trying to develop a network that draws upon
vene when [they’re] learning questionable or
a range of disciplines. He said his hope is that
discriminatory factors,” Michael Carl Tschantz,
the network would then draft guiding prin-
a member of the Carnegie Mellon research
ciples that could become best practices or
team, said.
the basis for a certification, which a company
With the rapid progression of artificial
intelligence, the rise of so-called deep learn-
could use to demonstrate its efforts to reduce
algorithmic bias.
ing algorithms has serious implications. Deep
Another approach assumes that the best
learning allows computers to adapt and alter
way forward may not be to eliminate algorith-
their own underlying code after digesting huge
mic bias in the early stages, but to find ways
amounts of data. In essence, the algorithms
for communities to police the decisions of
program themselves. As Jen-Hsun Huang, chief
computers after the fact. At Google’s ReWork
executive of the graphics processing company
Conference this year, C.J. Adams described how
Nvidia, told The Economist earlier this year, “This
Jigsaw, formerly Google Ideas, is finding ideas
is a big deal. Instead of people writing software,
in online video game communities that have
we have data writing software.”
established “tribunals” that vote on whether a
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In 2010, the Wall Street Journal unearthed
These models of online community polic-
one such case, Riot Games, creator of the wildly
ing could become one method of attacking
popular League of Legends, made some simple
discrimination. The combination of increased
changes that had big effects. First, it created a
attention to biases inherent in some data,
group of players who vote on reported cases of
greater clarity about the properties of algo-
harassment and decide whether a player should
rithms themselves, and the use of crowd-level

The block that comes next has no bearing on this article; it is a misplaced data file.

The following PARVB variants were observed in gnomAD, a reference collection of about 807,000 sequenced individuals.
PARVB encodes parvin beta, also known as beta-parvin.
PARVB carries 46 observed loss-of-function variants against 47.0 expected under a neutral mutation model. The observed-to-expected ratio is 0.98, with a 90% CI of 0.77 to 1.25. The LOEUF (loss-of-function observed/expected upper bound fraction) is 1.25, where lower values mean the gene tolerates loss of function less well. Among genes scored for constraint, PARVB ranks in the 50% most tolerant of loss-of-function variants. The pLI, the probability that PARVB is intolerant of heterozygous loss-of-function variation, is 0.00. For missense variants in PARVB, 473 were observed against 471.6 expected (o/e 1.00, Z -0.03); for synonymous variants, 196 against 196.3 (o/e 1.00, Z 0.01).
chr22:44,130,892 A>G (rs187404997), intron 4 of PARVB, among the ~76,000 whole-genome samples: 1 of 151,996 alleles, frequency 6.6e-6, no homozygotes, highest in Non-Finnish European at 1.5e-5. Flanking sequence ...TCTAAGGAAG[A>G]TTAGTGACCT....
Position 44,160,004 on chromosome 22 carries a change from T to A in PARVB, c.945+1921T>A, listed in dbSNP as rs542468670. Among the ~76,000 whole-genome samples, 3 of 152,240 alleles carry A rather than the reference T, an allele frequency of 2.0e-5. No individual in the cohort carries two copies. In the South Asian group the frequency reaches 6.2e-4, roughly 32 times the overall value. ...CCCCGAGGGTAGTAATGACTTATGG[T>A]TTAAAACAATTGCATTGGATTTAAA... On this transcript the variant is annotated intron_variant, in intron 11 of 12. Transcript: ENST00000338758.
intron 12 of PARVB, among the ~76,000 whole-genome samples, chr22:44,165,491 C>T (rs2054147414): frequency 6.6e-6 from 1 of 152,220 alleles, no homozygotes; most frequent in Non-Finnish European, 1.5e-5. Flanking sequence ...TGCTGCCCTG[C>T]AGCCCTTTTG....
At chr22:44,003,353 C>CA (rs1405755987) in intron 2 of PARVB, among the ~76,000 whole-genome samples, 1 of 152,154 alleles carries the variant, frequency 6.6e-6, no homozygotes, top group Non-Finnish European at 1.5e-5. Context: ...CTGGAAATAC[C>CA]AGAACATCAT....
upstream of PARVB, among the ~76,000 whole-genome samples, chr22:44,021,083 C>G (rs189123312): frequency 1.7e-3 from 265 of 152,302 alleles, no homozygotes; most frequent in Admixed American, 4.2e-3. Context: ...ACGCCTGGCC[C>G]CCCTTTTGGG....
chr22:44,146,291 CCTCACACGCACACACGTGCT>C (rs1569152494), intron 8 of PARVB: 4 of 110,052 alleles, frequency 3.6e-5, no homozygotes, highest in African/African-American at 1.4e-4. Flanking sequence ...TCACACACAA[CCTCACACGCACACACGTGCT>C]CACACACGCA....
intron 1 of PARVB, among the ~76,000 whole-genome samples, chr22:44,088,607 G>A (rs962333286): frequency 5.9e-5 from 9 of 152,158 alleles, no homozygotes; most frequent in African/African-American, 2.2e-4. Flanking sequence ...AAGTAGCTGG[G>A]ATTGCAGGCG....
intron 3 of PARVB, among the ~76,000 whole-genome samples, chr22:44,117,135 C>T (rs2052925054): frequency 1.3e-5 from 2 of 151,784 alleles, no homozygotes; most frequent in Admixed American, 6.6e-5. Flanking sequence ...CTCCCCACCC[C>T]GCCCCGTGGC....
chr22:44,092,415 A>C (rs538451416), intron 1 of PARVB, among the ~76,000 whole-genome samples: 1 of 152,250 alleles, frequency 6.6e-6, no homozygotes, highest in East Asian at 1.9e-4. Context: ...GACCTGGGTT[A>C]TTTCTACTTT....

be suspended. Not only have incidents of bully-
monitoring may well contribute to a more eq-
ing dramatically decreased, but players report
uitable online world.
that they previously had no idea how their online actions affected others.
Many people seem to believe that decisions made by computers are inherently
Before these procedures were put in place,
neutral, but when Tay screeched “race war
players who were banned for bad behavior
now!!!” into the Twitterverse, it should have
came back and said the same horrible things
illustrated to everyone the threat of algorith-
again and again. At the time, players weren’t
mic prejudice. Without careful consideration
told why they had been banned. Riot’s new
of the data, the code, the coders, and how we
system tells players which offense caused their
monitor what emerges from “deep learning,”
suspension. After the change, the behavior of
our technology can be just as racist, sexist,
players who returned to the game improved.
and xenophobic as we are. l
Actual number of copies of a single issue published
published during the preceding twelve months;
nearest to filing date:
(A) total number of copies printed 2561; (B.1)
(A) total number of copies printed, 2602; (B.1)
paid/requested mail subscriptions, 209; (B.4)
paid/requested mail subscriptions, 250; (B.4)
Paid distribution by other classes, 1520 (C) total
Paid distribution by other classes, 1520; (C) total
paid/requested circulation,
1729; (D.1) samples,
paid/requested circulation, 1770; (D.1) samples,
complimentary, and other nonrequested copies,
complimentary, and other nonrequested copies,
0; (D.4) nonrequested copies distributed through
0; (D.4) nonrequested copies distributed through
the USPS by other classes of mail, 129; (E) total
the USPS by other classes of mail, 129; (E) total
nonrequested distribution (sum of D.1 & D.4), 129;
nonrequested distribution (sum of D.1 & D.4), 129;
(F) total distribution (sum of C & E), 1858 ; (G) copies
(F) total distribution (sum of C & E), 1899; (G) copies
not distributed (office use, leftover, unaccounted,
not distributed (office use, leftover, unaccounted,
spoiled after printing, returns from news agents),
spoiled after printing, returns from news agents),
703; (H) total (sum of F & G), 2561.
703; (H) total (sum of F & G), 2602.
WINTER 2016 / 2017
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player’s behavior violates the group’s norms. In
sources of
Design of algorithm
• Defined population
• Inputs
• Some data is weighted/more important than other data
• System constraints
• Contextual factors
• Training data
• Substitute variables
Designers of the algorithm
• Machine bias is human bias
Uses of algorithm
• Alternative signals for protected categories
• Feedback loops